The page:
Monday, 7 June 2021

JOHN LENNON, FRANK ZAPPA & THE MOTHERS OF INVENTION ARE JOINED ON STAGE IN 1971


 
 
 
 
 
 
 
 
 
 
 
 
 
 
 
 
 
 
 
 
 
 
 
 
Оn one night in 1971, at New York’s Fillmore East, Yoko Ono was matched by another peculiar musician who demanded the same values of creative innovation; Frank Zappa. One of the madmen of rock and roll, Zappa made a name for himself living on the cutting edge of experimental rock.

It all came about in very strange circumstances. “A journalist in New York City woke me up – knocked on the door and is standing there with a tape recorder and goes, ‘Frank, I’d like to introduce you to John Lennon,’ you know, waiting for me to gasp and fall on the floor,” Zappa recalled on his 1984 Interview Picture Disc. “And I said, ‘Well, okay. Come on in.'”

Adding: “And we sat around and talked, and I think the first thing he said to me was, ‘You’re not as ugly as I thought you would be.’ So anyway, I thought he had a pretty good sense of humour, so I invited him to come down and jam with us at the Fillmore East. We had already booked in a recording truck because we were making the Live at the Fillmore album at the time.” It would end up being one of the most notable moments in rock history on the stage.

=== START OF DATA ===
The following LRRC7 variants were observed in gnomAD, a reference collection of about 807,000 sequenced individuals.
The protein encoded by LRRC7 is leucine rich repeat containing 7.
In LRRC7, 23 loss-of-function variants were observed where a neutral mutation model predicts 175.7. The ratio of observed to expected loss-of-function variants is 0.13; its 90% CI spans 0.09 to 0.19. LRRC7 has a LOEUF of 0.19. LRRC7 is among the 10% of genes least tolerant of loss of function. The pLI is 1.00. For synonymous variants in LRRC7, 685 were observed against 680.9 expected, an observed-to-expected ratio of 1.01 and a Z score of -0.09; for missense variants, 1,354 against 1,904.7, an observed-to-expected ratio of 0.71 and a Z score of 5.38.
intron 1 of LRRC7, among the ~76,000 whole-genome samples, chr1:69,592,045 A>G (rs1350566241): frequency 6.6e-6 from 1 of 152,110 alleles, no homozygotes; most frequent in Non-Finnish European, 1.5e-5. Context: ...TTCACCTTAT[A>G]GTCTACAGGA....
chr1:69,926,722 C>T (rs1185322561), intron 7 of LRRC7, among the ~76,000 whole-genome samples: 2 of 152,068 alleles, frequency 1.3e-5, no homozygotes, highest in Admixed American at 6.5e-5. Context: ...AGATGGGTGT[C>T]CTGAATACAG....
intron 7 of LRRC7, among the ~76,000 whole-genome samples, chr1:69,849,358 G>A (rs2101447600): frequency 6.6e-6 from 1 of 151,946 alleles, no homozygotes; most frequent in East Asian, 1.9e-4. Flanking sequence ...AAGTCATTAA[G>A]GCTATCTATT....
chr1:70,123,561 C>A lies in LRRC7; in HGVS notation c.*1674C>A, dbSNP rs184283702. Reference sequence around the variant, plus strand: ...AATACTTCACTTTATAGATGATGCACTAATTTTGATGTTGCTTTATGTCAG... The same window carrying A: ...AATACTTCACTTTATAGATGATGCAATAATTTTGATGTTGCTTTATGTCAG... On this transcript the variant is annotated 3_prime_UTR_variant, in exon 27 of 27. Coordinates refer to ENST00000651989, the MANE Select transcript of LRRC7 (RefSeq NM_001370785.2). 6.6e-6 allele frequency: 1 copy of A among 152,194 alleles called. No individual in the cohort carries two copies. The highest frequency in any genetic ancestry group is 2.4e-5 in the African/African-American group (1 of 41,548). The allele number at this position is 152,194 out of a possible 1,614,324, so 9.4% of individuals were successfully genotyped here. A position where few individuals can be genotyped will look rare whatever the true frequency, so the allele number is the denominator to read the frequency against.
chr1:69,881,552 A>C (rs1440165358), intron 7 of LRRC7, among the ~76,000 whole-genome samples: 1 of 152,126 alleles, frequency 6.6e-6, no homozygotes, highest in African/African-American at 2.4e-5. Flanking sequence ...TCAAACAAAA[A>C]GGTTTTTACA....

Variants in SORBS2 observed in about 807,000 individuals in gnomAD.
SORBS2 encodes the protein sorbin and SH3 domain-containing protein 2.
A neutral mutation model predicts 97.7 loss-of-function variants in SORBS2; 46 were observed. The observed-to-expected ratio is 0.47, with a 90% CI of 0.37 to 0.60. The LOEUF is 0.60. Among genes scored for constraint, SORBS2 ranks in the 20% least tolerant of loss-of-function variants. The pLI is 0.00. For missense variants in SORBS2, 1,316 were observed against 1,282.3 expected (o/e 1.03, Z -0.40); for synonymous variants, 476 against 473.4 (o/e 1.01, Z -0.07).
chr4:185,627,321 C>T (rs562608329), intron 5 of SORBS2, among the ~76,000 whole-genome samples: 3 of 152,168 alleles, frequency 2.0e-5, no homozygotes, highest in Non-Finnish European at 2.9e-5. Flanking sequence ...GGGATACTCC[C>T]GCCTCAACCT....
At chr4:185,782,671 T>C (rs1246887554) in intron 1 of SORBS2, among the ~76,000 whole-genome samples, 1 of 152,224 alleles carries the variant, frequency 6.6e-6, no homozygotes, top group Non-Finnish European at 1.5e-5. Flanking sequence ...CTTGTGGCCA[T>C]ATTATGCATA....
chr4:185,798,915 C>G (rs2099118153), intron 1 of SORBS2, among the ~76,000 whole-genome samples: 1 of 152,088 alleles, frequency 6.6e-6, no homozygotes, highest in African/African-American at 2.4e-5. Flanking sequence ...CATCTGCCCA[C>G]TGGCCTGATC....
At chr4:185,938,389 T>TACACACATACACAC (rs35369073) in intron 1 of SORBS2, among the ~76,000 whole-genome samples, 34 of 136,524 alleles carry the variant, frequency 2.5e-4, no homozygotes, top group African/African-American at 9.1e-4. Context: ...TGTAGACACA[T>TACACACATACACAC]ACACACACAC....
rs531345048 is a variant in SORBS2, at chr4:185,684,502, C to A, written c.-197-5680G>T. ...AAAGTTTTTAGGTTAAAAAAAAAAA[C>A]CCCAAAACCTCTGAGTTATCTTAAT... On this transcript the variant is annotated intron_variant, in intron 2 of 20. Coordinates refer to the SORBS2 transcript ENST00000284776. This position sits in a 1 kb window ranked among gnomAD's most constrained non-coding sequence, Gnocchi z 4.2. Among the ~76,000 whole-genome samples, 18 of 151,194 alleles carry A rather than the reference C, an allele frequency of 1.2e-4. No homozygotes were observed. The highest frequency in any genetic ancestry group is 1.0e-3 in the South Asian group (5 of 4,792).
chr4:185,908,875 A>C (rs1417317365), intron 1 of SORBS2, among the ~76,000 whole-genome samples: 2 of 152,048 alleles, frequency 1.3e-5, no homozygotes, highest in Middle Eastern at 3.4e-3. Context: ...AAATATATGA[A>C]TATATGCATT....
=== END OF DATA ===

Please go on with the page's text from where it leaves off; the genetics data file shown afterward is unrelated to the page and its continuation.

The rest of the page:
Zappa and The Mothers of Invention welcome the rock and roll royalty Ono and Lennon on stage at Fillmore East, New York, to an open-mouthed audience. A gaggle of musicians worthy of paying very close attention to. The pulsating group would not disappoint.
 

 
 
 
 
 
 
 
 
 
 
 
 
 
 
 
 
 
 
 
 
 
 
 
 
The ensemble, as large as they are, get set to perform Walter Ward’s ‘Well (Baby Please Don’t Go)’, with Zappa leading the charge, shouting the key of the track above the crowd, reiterating, “Not standard blues changes,” John steps up to the mic. He eyes the room with his mischievous grin and introduces the song, saying: “A song I used to sing while I was in the Cavern in Liverpool. I haven’t done it since.”

What follows is a complex concoction of Zappa wailing with his axe like the true guitar hero he is, and Yoko Ono doing her own kind of wailing.
The follow-up jams of ‘Jamrag’, ‘King Kong,’ and ‘Scumbag’, all allow Ono’s experimental side to come to the fore. Below, all of the pieces of the puzzle come together as the group deliver an astounding performance.

John later told the BBC of the show: “It was a 12-bar kind of thing I used to do at the Cavern. It was pretty good with Zappa because he’s pretty far out, as they say – so we blended quite well.”
 
 
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